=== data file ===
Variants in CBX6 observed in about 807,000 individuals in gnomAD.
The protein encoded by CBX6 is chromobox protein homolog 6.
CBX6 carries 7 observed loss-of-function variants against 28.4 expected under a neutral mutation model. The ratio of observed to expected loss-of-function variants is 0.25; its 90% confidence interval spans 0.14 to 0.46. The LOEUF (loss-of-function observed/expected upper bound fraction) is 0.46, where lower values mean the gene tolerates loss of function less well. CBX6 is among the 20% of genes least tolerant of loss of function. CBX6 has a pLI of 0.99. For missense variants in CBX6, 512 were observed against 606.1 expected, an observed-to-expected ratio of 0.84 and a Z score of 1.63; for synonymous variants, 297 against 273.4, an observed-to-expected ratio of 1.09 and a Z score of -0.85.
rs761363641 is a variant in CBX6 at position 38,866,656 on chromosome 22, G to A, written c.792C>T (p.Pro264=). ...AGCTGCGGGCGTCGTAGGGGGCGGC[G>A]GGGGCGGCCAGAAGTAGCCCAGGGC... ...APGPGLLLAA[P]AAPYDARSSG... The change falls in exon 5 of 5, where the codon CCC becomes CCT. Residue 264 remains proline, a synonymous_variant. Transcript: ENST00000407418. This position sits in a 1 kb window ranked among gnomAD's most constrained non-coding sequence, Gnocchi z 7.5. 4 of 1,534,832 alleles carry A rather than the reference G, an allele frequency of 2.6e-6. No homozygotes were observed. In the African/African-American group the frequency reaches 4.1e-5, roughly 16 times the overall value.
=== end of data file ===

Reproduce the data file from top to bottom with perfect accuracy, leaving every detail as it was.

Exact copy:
Variants in CBX6 observed in about 807,000 individuals in gnomAD.
The protein encoded by CBX6 is chromobox protein homolog 6.
CBX6 carries 7 observed loss-of-function variants against 28.4 expected under a neutral mutation model. The ratio of observed to expected loss-of-function variants is 0.25; its 90% confidence interval spans 0.14 to 0.46. The LOEUF (loss-of-function observed/expected upper bound fraction) is 0.46, where lower values mean the gene tolerates loss of function less well. CBX6 is among the 20% of genes least tolerant of loss of function. CBX6 has a pLI of 0.99. For missense variants in CBX6, 512 were observed against 606.1 expected, an observed-to-expected ratio of 0.84 and a Z score of 1.63; for synonymous variants, 297 against 273.4, an observed-to-expected ratio of 1.09 and a Z score of -0.85.
rs761363641 is a variant in CBX6 at position 38,866,656 on chromosome 22, G to A, written c.792C>T (p.Pro264=). ...AGCTGCGGGCGTCGTAGGGGGCGGC[G>A]GGGGCGGCCAGAAGTAGCCCAGGGC... ...APGPGLLLAA[P]AAPYDARSSG... The change falls in exon 5 of 5, where the codon CCC becomes CCT. Residue 264 remains proline, a synonymous_variant. Transcript: ENST00000407418. This position sits in a 1 kb window ranked among gnomAD's most constrained non-coding sequence, Gnocchi z 7.5. 4 of 1,534,832 alleles carry A rather than the reference G, an allele frequency of 2.6e-6. No homozygotes were observed. In the African/African-American group the frequency reaches 4.1e-5, roughly 16 times the overall value.